1. You said -“Do wages in larger and denser cities offset higher costs? Most research actually finds they do not, which in turn implies that people’s disposable income tends to decline with urban growth. Does this then mean cities are *bad*? No, it means that larger and denser cities offer people additional benefits that aren’t reflected in wages. Things like social and cultural activities, for example.”

        If residents of a large dense city, do not have the disposable income due to the high costs of living in a large dense city, how do they benefit of social and cultural activities when they don’t have the time and/or money. Its the wealthy residents of a large dense city benefit of social and cultural activities at the expense of the working poor and struggling middle class.

        Theory is great but reality it hasn’t work just look a New York. etc or even Auckland.

        Theory

        1. “Its the wealthy residents of a large dense city benefit of social and cultural activities at the expense of the working poor and struggling middle class.”

          Everyone gets benefits from being in larger cities, a classic case of this would be school teachers and nurses. Generally they get paid almost the same no matter where they work however many of them prefer to work in Auckland because it offers so much.

          If you live in a small town you may only have 1 bar, but in Auckland there are hundreds if not thousands all with their own unique take. In a small city you may only have one movie theater meaning you have a limited choice of movies and times, in Auckland you can see almost any movie at almost any time. As a little kid there is only one Rainbows end and that’s in Auckland, we also likely have more hydroslides than any other city. Auckland also has significantly more beaches than Hamilton, much better surf and Christchurch and better rubbish collection than Napier.

          It all comes down to what you value.

        2. That’s correct, real wages tend to decline as cities grow.

          For people to stay put in those places, then they must receive a compensating benefit that offsets the loss in real wages. Evidence (like analysis of actual data, not just reckons) suggests the compensating benefits are often in the form of consumer amenities (e.g. more diverse goods and services), cultural activities (e.g. libraries orchestras etc), and social connections (e.g. romantic relationships – yes it’s true!).

          You point to New York and Auckland as if they’re failures, which is odd. Many millions of people live in those cities, so they must be doing something right, otherwise people would leave. Can they do better? Absolutely, which is what this post is about.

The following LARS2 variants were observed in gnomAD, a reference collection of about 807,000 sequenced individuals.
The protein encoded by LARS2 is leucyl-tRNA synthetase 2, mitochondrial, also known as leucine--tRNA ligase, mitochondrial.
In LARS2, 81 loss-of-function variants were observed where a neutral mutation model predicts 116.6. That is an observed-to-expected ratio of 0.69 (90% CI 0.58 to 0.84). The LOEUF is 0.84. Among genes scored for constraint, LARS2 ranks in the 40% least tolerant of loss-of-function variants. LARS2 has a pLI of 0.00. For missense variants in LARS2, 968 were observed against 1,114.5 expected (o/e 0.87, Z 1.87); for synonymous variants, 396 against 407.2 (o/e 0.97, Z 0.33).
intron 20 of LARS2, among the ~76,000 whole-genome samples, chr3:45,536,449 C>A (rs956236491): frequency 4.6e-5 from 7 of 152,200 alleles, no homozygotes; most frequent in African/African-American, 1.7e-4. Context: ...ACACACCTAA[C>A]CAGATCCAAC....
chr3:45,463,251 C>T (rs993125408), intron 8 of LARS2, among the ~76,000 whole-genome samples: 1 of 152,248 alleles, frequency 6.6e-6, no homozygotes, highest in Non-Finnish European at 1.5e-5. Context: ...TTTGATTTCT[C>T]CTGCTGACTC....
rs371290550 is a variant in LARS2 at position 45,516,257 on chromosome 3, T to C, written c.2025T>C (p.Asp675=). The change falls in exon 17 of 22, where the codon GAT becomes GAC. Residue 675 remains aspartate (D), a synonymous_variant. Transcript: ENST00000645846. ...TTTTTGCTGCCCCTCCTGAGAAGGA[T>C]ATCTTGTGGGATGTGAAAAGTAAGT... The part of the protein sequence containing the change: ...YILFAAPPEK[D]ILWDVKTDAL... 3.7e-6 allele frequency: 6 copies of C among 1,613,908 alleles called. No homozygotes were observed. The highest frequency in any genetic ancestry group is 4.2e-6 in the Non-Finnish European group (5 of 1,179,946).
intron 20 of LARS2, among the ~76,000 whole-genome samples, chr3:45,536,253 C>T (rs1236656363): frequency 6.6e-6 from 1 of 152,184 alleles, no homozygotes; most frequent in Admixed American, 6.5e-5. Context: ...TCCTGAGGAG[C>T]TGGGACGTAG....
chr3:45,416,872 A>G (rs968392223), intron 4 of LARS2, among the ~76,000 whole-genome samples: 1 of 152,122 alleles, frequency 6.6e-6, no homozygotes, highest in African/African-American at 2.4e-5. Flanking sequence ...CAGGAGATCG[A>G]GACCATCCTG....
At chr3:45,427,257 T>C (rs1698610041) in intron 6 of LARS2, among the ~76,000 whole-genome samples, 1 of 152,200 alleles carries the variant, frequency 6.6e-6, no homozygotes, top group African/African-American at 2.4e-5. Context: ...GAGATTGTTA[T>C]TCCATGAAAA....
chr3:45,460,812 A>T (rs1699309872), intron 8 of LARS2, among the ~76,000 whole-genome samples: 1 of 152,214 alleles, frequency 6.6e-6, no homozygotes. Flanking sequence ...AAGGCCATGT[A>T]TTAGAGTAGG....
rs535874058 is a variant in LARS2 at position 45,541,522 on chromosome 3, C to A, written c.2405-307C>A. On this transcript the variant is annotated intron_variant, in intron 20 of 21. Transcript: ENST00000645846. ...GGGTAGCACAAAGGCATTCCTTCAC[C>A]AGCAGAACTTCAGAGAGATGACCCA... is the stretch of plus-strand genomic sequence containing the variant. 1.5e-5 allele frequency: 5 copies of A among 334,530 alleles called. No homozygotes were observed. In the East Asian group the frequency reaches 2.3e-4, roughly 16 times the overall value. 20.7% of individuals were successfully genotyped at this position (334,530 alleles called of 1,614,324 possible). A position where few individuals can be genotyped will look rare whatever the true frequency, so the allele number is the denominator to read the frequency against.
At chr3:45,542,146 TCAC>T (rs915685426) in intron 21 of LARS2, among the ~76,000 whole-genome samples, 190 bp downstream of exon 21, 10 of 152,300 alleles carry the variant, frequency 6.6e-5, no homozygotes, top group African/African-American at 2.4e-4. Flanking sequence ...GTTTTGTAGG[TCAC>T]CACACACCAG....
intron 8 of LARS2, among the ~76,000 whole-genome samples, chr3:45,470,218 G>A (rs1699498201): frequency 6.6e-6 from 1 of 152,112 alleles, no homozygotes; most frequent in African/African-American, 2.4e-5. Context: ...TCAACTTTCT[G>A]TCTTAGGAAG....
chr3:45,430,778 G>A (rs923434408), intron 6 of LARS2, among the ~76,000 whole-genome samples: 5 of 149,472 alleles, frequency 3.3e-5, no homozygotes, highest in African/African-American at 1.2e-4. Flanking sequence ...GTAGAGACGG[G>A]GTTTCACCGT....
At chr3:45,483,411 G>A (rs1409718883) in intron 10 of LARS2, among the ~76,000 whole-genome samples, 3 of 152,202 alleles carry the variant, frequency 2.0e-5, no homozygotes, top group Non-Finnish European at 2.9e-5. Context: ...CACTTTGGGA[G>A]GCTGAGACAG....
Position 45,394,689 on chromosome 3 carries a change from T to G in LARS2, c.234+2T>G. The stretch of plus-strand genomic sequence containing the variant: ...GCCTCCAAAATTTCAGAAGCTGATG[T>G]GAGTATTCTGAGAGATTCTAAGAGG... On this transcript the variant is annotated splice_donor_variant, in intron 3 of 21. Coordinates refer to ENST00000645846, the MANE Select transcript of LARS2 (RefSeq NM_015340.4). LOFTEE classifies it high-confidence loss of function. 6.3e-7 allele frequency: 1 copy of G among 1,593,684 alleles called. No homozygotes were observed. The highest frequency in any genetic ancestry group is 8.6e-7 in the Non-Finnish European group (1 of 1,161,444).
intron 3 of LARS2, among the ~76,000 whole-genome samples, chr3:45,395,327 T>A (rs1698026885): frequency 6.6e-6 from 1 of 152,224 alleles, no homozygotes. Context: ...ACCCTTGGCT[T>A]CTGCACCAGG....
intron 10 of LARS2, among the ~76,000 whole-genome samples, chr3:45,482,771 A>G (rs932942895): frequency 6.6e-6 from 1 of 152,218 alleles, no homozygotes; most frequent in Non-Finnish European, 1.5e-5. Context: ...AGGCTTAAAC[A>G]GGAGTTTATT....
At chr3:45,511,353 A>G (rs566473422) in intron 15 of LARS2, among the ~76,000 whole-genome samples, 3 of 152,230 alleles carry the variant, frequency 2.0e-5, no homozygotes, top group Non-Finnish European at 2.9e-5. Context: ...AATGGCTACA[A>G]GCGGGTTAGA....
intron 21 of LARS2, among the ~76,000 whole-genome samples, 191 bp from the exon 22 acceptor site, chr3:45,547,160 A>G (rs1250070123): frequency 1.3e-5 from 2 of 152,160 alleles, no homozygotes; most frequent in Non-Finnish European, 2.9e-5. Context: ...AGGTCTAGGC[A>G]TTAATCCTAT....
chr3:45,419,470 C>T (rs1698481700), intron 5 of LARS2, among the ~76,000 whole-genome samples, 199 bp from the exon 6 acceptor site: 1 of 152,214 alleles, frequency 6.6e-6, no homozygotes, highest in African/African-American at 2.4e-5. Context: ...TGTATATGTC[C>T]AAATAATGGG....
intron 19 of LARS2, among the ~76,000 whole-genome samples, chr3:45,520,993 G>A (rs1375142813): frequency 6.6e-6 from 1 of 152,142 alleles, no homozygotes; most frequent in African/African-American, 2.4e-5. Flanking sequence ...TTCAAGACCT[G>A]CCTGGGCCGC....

2. “I’m not sure what your comment on Hamilton, paid parking, and correlation vis-a-vis causation is alluding to.”

        This was in relation to your statement “parking requirements, don’t just push up the costs of development but they also suppress wages.”

        I’d suspect that if you took a copy of city of Hamilton, and then converted all the on-street park to grass berms that wages in that city wouldn’t suddenly go up by 20-30%.

        Without knowing anything factual on the topic, I would suspect its more a fact that cities that are large, tend to be denser in the CBD. As high wealth jobs tend to love being in CBDs, and the bigger and denser the CBD the better in their regard. It naturally means these high wealth jobs move to places that happen to be so expensive providing parking is a very hard challenge.

        The fact more of the top 1% are in Auckland than Gore is not due to their being too much parking in Gore, but rather these 1%ers like to be with other 1%ers. This is why many move from Auckland to Sydney and then Sydney to London.

        1. Nope, still confused.

          The post doesn’t mention on-street parking or paid parking at all. I mention “parking requirements”, which are planning policies that require developments to provide *off-street* parking. The point is that off-street parking requirements push up costs of development –> higher rents which–according to our results–suppress wages.

          And the relevant comparison is not differences between cities like Auckland and Gore. Instead, the relevant comparison is between urban rents in Auckland *with or without* parking requirements. In the latter situation, rents in Auckland would be lower, leading to–if you believe our results–lower housing costs and higher wages.

          So basically:
          (1) supply/price of on-street parking is an irrelevant rabbit hole; and
          (2) focus on the effect of regulations on rents holding city constant.

        2. I always thought the provision on on-street parking did come from regulations. It may very well be a public realm asset, however it uses space that could be used for other things such as grass berms.

          In terms of off-street parking. Based on the assertion; if we have two identical companies in two identical buildings, if one of these buildings also has a paid parking building attached to it we would expect the company in the building with the attached carpark building (that they may not even use) to pay their staff less than those in the building that isn’t attached to a carpark building?

          This is an assertion that I don’t really believe. Certainly if the company provided free parking to staff then this would likely be factored into their salary. However I think there are a great many other factors that influence incomes and the absence of parking regulations is likely a result of these factors and not the factor itself.